Mariners Won’t Extend Qualifying Offer To Mitch Haniger

The Mariners aren’t going to extend a $19.65MM qualifying offer to outfielder Mitch Haniger, reports Ryan Divish of the Seattle Times. Jon Morosi of MLB Network had earlier reported that Haniger was unlikely to get a QO.

Haniger has been an interesting borderline QO candidate since he’s been a consistently excellent hitter for years but has struggled to stay healthy for extended stretches. Since coming over from the Diamondbacks in a trade prior to the 2017 season, Haniger has played in five seasons for the Mariners, putting up a wRC+ above 100 in each of them.

He was relatively healthy in 2017, getting into 96 games that year, followed by 157 in 2018. However, he was limited to just 63 contests in 2019 and then missed the 2020 campaign entirely. In 2021, he had a tremendous return, getting into 157 games, hitting 39 home runs and producing an overall batting line of .253/.318/.485 and a 121 wRC+. Unfortunately, the injury bug came for him again in 2022, with Haniger making multiple trips to the IL due to ankle sprains. He was still good when on the field, as he hit .246/.308/.429 for a wRC+ of 113. However, he did that in only 57 games on the year.

That is the story of Haniger at this point. He’s always a good producer when he steps up to the plate, it’s just hard to know how often he’ll be doing it. Extending the qualifying offer would come with risk, since those injuries have helped suppress his arbitration earnings. Haniger gradually pushed his salary up throughout the arb process, getting to $7.75MM here in 2022. If he suddenly had the chance to play for $19.65MM, it would likely be difficult for him to turn it down.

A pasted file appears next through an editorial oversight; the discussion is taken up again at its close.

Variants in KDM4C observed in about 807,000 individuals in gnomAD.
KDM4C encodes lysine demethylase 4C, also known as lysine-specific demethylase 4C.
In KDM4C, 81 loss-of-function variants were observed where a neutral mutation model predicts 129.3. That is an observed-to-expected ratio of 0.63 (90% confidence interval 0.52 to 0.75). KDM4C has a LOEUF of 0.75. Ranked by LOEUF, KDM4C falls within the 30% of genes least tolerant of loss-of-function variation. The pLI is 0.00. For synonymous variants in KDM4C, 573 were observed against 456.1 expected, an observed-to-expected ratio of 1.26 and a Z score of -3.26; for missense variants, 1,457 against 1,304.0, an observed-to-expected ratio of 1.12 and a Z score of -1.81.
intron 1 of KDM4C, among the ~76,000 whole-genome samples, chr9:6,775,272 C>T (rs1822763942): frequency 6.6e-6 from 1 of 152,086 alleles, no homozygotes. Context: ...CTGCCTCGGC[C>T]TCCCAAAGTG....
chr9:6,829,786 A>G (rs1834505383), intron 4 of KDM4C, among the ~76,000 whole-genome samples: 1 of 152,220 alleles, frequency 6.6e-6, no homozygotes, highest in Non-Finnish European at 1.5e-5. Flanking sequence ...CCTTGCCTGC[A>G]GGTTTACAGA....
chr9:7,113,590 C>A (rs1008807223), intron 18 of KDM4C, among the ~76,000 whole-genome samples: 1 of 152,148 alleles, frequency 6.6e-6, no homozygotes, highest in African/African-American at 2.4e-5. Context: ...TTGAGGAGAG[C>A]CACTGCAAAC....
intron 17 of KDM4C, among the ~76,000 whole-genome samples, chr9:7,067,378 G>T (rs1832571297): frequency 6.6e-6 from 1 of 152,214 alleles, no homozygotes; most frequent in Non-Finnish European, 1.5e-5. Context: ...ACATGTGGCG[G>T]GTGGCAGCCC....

The Mariners are currently projected by Roster Resource to have a 2023 payroll of $132MM. Suddenly adding that $19.65MM figure into the mix would get them pretty close to their franchise record of $158MM, per Cot’s Baseball Contracts. Haniger could certainly be worth that investment but another injury-marred campaign could hamper the team’s ability to continue competing going forward.

It’s a high-risk, high-reward bet that it seems the Mariners have decided not to make. That means Haniger will now head to the open market to see how other teams value him. Since Haniger’s future contributions are difficult to gauge, it’s possible there will be wide variance in how different teams evaluate him. However, for teams looking to steer clear of QO’d free agents in order to avoid forfeiting draft picks, Haniger could certainly pique their interest.

He will be one of the more interesting names available in the corner outfield market this winter. Aaron Judge is the obvious headliner but the next tier with feature Haniger alongside names like Andrew Benintendi, Joc Pederson, Michael Brantley and Michael Conforto.

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